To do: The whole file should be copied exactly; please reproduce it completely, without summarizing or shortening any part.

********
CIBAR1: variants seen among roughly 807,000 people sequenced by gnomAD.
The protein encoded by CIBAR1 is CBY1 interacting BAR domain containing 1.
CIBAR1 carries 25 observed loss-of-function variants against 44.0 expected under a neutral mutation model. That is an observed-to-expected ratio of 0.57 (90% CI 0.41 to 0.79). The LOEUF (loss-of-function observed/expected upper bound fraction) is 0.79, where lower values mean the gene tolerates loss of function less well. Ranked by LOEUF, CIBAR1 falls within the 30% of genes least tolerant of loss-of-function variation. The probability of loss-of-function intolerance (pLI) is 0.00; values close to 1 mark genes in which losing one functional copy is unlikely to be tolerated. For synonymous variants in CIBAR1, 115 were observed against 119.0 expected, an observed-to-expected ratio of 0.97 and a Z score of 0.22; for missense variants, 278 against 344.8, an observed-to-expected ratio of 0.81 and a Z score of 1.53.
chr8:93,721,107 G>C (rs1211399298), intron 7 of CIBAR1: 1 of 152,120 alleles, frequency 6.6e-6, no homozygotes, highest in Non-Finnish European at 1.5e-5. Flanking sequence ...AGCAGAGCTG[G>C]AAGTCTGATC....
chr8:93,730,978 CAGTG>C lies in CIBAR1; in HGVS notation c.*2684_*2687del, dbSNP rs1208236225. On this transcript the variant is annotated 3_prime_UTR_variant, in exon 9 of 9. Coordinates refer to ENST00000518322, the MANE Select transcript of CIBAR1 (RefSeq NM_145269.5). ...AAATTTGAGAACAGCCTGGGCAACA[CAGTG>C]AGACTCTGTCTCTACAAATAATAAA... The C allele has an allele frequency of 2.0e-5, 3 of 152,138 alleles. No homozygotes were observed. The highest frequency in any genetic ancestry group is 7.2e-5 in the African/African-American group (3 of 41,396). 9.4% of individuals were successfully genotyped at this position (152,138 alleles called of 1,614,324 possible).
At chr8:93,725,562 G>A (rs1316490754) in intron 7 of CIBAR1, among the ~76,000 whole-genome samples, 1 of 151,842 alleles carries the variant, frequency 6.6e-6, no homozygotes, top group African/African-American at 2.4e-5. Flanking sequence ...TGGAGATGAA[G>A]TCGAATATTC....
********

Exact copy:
CIBAR1: variants seen among roughly 807,000 people sequenced by gnomAD.
The protein encoded by CIBAR1 is CBY1 interacting BAR domain containing 1.
CIBAR1 carries 25 observed loss-of-function variants against 44.0 expected under a neutral mutation model. That is an observed-to-expected ratio of 0.57 (90% CI 0.41 to 0.79). The LOEUF (loss-of-function observed/expected upper bound fraction) is 0.79, where lower values mean the gene tolerates loss of function less well. Ranked by LOEUF, CIBAR1 falls within the 30% of genes least tolerant of loss-of-function variation. The probability of loss-of-function intolerance (pLI) is 0.00; values close to 1 mark genes in which losing one functional copy is unlikely to be tolerated. For synonymous variants in CIBAR1, 115 were observed against 119.0 expected, an observed-to-expected ratio of 0.97 and a Z score of 0.22; for missense variants, 278 against 344.8, an observed-to-expected ratio of 0.81 and a Z score of 1.53.
chr8:93,721,107 G>C (rs1211399298), intron 7 of CIBAR1: 1 of 152,120 alleles, frequency 6.6e-6, no homozygotes, highest in Non-Finnish European at 1.5e-5. Flanking sequence ...AGCAGAGCTG[G>C]AAGTCTGATC....
chr8:93,730,978 CAGTG>C lies in CIBAR1; in HGVS notation c.*2684_*2687del, dbSNP rs1208236225. On this transcript the variant is annotated 3_prime_UTR_variant, in exon 9 of 9. Coordinates refer to ENST00000518322, the MANE Select transcript of CIBAR1 (RefSeq NM_145269.5). ...AAATTTGAGAACAGCCTGGGCAACA[CAGTG>C]AGACTCTGTCTCTACAAATAATAAA... The C allele has an allele frequency of 2.0e-5, 3 of 152,138 alleles. No homozygotes were observed. The highest frequency in any genetic ancestry group is 7.2e-5 in the African/African-American group (3 of 41,396). 9.4% of individuals were successfully genotyped at this position (152,138 alleles called of 1,614,324 possible).
At chr8:93,725,562 G>A (rs1316490754) in intron 7 of CIBAR1, among the ~76,000 whole-genome samples, 1 of 151,842 alleles carries the variant, frequency 6.6e-6, no homozygotes, top group African/African-American at 2.4e-5. Flanking sequence ...TGGAGATGAA[G>A]TCGAATATTC....